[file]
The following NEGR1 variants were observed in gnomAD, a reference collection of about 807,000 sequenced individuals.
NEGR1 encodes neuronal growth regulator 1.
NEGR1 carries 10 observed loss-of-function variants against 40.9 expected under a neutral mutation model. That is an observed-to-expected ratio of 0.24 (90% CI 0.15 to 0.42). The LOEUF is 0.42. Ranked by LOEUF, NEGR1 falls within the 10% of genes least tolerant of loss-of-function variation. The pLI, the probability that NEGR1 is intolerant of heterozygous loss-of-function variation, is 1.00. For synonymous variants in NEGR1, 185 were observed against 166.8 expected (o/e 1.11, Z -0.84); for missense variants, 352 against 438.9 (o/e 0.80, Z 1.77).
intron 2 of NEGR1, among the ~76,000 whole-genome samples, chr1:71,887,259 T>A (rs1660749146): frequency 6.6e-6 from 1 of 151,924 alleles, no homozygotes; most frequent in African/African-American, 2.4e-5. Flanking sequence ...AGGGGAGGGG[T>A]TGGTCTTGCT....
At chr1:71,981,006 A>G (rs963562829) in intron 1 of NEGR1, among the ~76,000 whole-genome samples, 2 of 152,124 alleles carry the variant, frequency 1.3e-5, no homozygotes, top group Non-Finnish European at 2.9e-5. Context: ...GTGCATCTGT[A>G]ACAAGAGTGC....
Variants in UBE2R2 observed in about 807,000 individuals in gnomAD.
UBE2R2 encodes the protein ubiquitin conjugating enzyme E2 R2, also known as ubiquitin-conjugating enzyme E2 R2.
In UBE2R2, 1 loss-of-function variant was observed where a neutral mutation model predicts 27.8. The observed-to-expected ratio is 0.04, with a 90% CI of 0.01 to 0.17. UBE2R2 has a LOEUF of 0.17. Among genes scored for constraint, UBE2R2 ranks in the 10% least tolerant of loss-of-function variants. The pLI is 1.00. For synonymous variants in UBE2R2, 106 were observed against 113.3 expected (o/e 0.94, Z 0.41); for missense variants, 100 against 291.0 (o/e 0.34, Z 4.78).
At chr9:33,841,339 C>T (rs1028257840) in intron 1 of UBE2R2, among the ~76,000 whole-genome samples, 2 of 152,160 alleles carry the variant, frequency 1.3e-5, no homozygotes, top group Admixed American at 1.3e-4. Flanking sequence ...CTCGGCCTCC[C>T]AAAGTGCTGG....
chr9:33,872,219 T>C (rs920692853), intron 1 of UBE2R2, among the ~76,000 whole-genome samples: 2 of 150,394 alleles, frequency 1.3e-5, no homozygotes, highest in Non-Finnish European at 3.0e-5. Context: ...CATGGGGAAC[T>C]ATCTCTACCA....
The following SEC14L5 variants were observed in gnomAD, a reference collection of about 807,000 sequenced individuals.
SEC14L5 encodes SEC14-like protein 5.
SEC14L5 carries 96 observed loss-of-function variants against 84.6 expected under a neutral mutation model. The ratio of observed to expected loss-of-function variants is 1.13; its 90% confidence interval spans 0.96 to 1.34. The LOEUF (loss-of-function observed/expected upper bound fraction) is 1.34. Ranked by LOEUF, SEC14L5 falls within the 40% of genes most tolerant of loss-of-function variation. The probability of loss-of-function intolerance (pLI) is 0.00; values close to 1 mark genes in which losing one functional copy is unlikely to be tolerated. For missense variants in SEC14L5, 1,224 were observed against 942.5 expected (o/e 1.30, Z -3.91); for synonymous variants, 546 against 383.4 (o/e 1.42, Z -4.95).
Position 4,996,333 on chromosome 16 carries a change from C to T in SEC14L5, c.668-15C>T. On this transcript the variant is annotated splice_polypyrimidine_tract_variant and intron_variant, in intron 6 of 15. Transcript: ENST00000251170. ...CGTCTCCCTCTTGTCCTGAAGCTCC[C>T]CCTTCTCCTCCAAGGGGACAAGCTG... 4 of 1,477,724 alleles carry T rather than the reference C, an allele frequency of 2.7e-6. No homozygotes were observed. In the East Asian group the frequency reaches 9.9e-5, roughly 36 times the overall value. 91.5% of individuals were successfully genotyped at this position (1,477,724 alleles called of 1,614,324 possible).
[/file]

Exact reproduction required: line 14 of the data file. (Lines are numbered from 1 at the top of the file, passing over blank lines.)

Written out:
Position 4,996,333 on chromosome 16 carries a change from C to T in SEC14L5, c.668-15C>T. On this transcript the variant is annotated splice_polypyrimidine_tract_variant and intron_variant, in intron 6 of 15. Transcript: ENST00000251170. ...CGTCTCCCTCTTGTCCTGAAGCTCC[C>T]CCTTCTCCTCCAAGGGGACAAGCTG... 4 of 1,477,724 alleles carry T rather than the reference C, an allele frequency of 2.7e-6. No homozygotes were observed. In the East Asian group the frequency reaches 9.9e-5, roughly 36 times the overall value. 91.5% of individuals were successfully genotyped at this position (1,477,724 alleles called of 1,614,324 possible).